It is actually extremely easy to keep somebody in the street. As a homeless person, you need a day centre to put in a request for a CAT to visit you at your patch during the night. From there, the CAT refers you to a night shelter. But if the CAT tells you that there is nowhere you can be referred to, or that you need to be visited again (and you never are), there is little you can do.

For example, last Friday afternoon while we were in Crisis the same homeless guy told us about a rolling shelter run by St Mungo’s. Immediately Declan phoned the shelter and was told that if we had a referral from our St Mungo’s CAT, we would have had beds.

Your other option is a shelter that accepts self-referral. But the Missionaries of Charity don’t seem too interested in getting caught in a government agenda.

Sunday, November 12, 2006

Interrogated by the police

Last night at 11pm we had a visit from two policemen; their van parked a few feet away. A policeman actually stopped for a few minutes at our patch the second night we were sleeping rough, his last word being that the weather should pick up for us come the spring!

Anyway, I was asleep. Thought I was going to get my first decent night’s sleep in a week. So, I open my eyes and see two dark figures standing beside me (I sleep on the outside) almost blending in with the darkness of the night. Declan is already starting to sit up in his sleeping bag, getting ready for a full-on interrogation.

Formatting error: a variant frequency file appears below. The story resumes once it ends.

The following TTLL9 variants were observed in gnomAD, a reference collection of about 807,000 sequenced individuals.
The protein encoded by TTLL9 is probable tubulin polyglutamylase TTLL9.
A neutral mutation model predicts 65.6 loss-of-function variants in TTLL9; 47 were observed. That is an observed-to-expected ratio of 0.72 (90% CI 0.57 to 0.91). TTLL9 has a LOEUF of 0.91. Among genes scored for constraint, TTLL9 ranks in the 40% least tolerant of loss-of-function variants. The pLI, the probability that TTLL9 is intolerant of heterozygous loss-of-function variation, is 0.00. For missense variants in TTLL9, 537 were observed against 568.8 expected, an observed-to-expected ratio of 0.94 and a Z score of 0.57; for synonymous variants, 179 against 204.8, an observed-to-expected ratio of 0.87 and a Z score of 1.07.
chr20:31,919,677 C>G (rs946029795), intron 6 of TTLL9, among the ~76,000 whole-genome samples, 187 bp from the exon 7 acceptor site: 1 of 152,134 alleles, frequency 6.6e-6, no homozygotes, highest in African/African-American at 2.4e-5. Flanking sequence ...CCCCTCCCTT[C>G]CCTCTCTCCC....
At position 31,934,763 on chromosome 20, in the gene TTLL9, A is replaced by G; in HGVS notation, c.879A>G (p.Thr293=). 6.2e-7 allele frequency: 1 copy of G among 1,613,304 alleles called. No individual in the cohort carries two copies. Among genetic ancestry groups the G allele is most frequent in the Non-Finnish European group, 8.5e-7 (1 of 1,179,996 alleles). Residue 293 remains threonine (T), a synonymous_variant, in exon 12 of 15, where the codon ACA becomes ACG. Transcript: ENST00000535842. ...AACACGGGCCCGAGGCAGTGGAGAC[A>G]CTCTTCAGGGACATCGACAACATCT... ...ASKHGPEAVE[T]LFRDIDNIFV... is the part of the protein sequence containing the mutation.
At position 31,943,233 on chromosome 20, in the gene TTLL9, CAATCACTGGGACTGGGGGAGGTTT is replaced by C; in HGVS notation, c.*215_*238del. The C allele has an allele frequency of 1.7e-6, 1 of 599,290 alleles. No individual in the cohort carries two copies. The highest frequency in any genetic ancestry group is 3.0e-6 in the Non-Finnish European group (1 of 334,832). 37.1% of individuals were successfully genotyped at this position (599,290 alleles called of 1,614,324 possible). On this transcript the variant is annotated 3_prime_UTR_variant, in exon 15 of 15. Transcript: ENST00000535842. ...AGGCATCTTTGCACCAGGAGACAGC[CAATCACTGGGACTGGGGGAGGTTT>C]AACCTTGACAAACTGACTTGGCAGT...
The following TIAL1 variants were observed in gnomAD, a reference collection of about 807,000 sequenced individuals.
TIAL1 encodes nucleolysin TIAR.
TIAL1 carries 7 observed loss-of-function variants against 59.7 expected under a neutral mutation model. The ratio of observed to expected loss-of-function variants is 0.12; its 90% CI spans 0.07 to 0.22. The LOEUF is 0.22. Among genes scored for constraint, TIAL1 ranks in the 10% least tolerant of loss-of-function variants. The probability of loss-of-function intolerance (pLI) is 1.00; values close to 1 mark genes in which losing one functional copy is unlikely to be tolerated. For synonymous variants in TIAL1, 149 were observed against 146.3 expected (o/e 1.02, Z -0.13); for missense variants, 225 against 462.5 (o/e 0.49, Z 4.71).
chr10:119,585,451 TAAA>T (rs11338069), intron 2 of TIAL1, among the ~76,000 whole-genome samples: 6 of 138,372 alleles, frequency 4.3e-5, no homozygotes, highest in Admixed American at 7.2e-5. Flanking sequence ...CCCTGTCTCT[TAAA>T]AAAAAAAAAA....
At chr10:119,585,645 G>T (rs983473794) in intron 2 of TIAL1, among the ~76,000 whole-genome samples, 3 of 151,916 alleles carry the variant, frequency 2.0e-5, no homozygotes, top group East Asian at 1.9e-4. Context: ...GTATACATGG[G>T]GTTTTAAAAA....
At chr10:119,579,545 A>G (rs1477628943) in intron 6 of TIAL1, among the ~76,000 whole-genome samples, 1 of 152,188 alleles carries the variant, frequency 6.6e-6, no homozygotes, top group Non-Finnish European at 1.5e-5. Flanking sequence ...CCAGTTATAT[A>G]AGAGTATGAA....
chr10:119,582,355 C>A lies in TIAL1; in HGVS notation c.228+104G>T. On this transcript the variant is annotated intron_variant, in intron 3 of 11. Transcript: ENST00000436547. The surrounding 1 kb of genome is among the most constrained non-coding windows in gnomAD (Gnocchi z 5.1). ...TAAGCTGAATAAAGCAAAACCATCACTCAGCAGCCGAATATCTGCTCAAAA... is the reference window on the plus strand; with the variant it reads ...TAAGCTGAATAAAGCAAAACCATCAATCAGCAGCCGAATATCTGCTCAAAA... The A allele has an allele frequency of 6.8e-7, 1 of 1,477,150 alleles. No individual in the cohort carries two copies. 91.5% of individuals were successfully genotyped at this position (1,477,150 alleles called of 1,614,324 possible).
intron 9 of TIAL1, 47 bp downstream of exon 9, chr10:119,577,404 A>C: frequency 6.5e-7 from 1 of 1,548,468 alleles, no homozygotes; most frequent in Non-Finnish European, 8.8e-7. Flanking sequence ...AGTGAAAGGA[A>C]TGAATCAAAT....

After asking for some documentation, one of the policemen starts asking questions: where have we come from, how long have we been in London, how long sleeping rough, what were we doing before sleeping rough, whether either of us has ever been arrested … While this questioning is going on, the other policeman is silent, taking notes.

Then he asks Declan what else is he doing. (Surely this is not a question you ask a homeless person who is sleeping rough?) We assume he wants Declan to talk about my blog. Police seem keen on restricting freedom of speech.

After Declan informs him that our unemployment benefit was unlawfully suspended and then unlawfully terminated in the middle of judicial review proceedings, and that we have a renewal hearing on 11 Dec in the High Court in London, his questions become more provocative: what if the judge doesn’t reinstate, what if the Court of Appeal doesn’t reinstate, and then, rather than go for “straws in the wind”, why doesn’t Declan get a job, and why don’t I clean the buildings around our patch.

Before they leave the silent policeman gives Declan two tickets, one for him and one for me, each containing the name of the street our patch is in, and the reason they stopped, namely that we are “rough sleepers”. All throughout the 15-minute interrogation, Declan is cool as a cucumber – avoiding thus a trip to the police station.